As Sandra Ingerman says, in a you tube video, "We have to make a distinction between an actual shaman and people who are practicing shamanic practices today...  Being a shaman is not something you can pick for yourself.  In a shamanic culture, shamans weren't exactly excited about being picked...because it meant a hard life... To actually call yourself a shaman is seen as bragging about your power, and in shamanism, whenever you brag about your power, you get the big "sure enough" and lose it."

 

LET ME KNOW WHAT YOU THINK by commenting here.  I'm eager to hear from my friends who have had shamanic training and those who have not.  What do you mean by shamanism?  I'll post your responses.

Comments
Dana commented on 03-Oct-2011 11:12 AM
To me the comment by the interviewers shows our cultures lack of understanding of what a shaman is. We don't have predominant examples of respected elders much less shamans in American culture. I think more and more people are aware of this and would like
to create it. As you said becoming a shaman requires some pretty intense training and experiences. I have been studying with Tzun Tzun who was trained in Tibet and his reports of transmissions and ceremonies with his teacher are incredible and very different
from what I've seen and heard of shamanic training in the west.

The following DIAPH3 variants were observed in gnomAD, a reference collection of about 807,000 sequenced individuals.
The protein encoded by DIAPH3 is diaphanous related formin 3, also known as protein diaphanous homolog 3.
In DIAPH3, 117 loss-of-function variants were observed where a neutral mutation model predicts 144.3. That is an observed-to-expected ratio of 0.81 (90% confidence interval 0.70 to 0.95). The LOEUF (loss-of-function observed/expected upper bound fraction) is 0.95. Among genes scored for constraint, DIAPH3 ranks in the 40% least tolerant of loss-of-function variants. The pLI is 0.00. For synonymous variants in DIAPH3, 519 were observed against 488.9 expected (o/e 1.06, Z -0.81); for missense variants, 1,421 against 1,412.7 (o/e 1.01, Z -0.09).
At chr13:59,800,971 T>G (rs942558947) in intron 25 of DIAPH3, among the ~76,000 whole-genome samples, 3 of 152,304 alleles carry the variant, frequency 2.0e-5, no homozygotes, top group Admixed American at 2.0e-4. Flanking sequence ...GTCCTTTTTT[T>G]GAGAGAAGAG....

Jana Shannon commented on 03-Oct-2011 11:18 AM
Linda... I agree with you fully. When we find our path, the first thing we want to do is rush, the result of our too fast technological society where information is available instantly at our fingertips. And our societal obsession with titles. In truth
we are all just pilgrims. Any title I give myself is bragging, any title anyone else gives me is generally misguided, due to someone trying to give honor where it is not due. Empty respect, for it comes without understanding. However, as society is obsessed
with titles, sometimes we must assume them to demonstrate credibility in a chosen field. A catch-22 if you will......
Joann Albrecht commented on 03-Oct-2011 11:33 AM
Thank you!
Carolyn Winkler commented on 03-Oct-2011 01:54 PM
I have taken 3 classes with Michael Harner over a period of 30 years. Introduction to Shamanism where you learn to journey and go to the lower and upper world and bring back information for others. Shamanic Counseling where you journey and ask a question
you have not been able to answer and have struggled with for over a year to get an answer and lastly Shamanic Divination where you learn Shamanic Divination techniques to answer questions for other people. I have also done the Process Work Intensive with Arnie
Mindell and the Shaman's Body somatic psychology he is bringing to the world. All of them involve types of journeying to ask questions and bring back information for healing. They were all powerful experiences for me and I came away with a deeper understanding
of what shamans do and how they get their information from non ordinary reality. My definition of a shaman from Michael Harner's training is simply "a person who travels into non ordinary reality realms and brings back information and healing to help other